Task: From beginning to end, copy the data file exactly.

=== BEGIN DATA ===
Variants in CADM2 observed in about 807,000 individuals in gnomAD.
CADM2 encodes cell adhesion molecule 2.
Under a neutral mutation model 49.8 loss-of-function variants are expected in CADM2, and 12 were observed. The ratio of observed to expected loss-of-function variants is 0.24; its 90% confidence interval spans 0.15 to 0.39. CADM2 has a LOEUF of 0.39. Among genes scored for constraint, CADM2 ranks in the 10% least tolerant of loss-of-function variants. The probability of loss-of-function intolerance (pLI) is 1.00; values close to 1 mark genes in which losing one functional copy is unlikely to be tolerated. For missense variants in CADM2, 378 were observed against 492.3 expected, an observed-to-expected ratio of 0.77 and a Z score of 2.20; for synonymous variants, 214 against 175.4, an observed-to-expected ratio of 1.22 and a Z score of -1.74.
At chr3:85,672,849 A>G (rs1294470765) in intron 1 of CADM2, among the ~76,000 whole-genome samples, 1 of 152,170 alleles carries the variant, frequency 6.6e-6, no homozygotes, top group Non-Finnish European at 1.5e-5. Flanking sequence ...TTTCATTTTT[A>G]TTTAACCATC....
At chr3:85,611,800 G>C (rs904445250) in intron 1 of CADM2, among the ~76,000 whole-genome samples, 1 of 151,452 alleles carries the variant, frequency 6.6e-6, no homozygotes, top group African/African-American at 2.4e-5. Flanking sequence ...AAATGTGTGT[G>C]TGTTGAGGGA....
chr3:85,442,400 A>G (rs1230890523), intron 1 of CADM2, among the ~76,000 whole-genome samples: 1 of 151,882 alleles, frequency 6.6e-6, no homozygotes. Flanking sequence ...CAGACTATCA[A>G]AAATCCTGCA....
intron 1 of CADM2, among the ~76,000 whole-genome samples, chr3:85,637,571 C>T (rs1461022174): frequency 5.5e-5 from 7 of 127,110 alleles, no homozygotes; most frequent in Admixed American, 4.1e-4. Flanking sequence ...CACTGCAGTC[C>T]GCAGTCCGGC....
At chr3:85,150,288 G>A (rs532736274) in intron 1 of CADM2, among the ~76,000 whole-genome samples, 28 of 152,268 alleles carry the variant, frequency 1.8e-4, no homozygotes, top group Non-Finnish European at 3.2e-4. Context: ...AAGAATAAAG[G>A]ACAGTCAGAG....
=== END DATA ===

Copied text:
Variants in CADM2 observed in about 807,000 individuals in gnomAD.
CADM2 encodes cell adhesion molecule 2.
Under a neutral mutation model 49.8 loss-of-function variants are expected in CADM2, and 12 were observed. The ratio of observed to expected loss-of-function variants is 0.24; its 90% confidence interval spans 0.15 to 0.39. CADM2 has a LOEUF of 0.39. Among genes scored for constraint, CADM2 ranks in the 10% least tolerant of loss-of-function variants. The probability of loss-of-function intolerance (pLI) is 1.00; values close to 1 mark genes in which losing one functional copy is unlikely to be tolerated. For missense variants in CADM2, 378 were observed against 492.3 expected, an observed-to-expected ratio of 0.77 and a Z score of 2.20; for synonymous variants, 214 against 175.4, an observed-to-expected ratio of 1.22 and a Z score of -1.74.
At chr3:85,672,849 A>G (rs1294470765) in intron 1 of CADM2, among the ~76,000 whole-genome samples, 1 of 152,170 alleles carries the variant, frequency 6.6e-6, no homozygotes, top group Non-Finnish European at 1.5e-5. Flanking sequence ...TTTCATTTTT[A>G]TTTAACCATC....
At chr3:85,611,800 G>C (rs904445250) in intron 1 of CADM2, among the ~76,000 whole-genome samples, 1 of 151,452 alleles carries the variant, frequency 6.6e-6, no homozygotes, top group African/African-American at 2.4e-5. Flanking sequence ...AAATGTGTGT[G>C]TGTTGAGGGA....
chr3:85,442,400 A>G (rs1230890523), intron 1 of CADM2, among the ~76,000 whole-genome samples: 1 of 151,882 alleles, frequency 6.6e-6, no homozygotes. Flanking sequence ...CAGACTATCA[A>G]AAATCCTGCA....
intron 1 of CADM2, among the ~76,000 whole-genome samples, chr3:85,637,571 C>T (rs1461022174): frequency 5.5e-5 from 7 of 127,110 alleles, no homozygotes; most frequent in Admixed American, 4.1e-4. Flanking sequence ...CACTGCAGTC[C>T]GCAGTCCGGC....
At chr3:85,150,288 G>A (rs532736274) in intron 1 of CADM2, among the ~76,000 whole-genome samples, 28 of 152,268 alleles carry the variant, frequency 1.8e-4, no homozygotes, top group Non-Finnish European at 3.2e-4. Context: ...AAGAATAAAG[G>A]ACAGTCAGAG....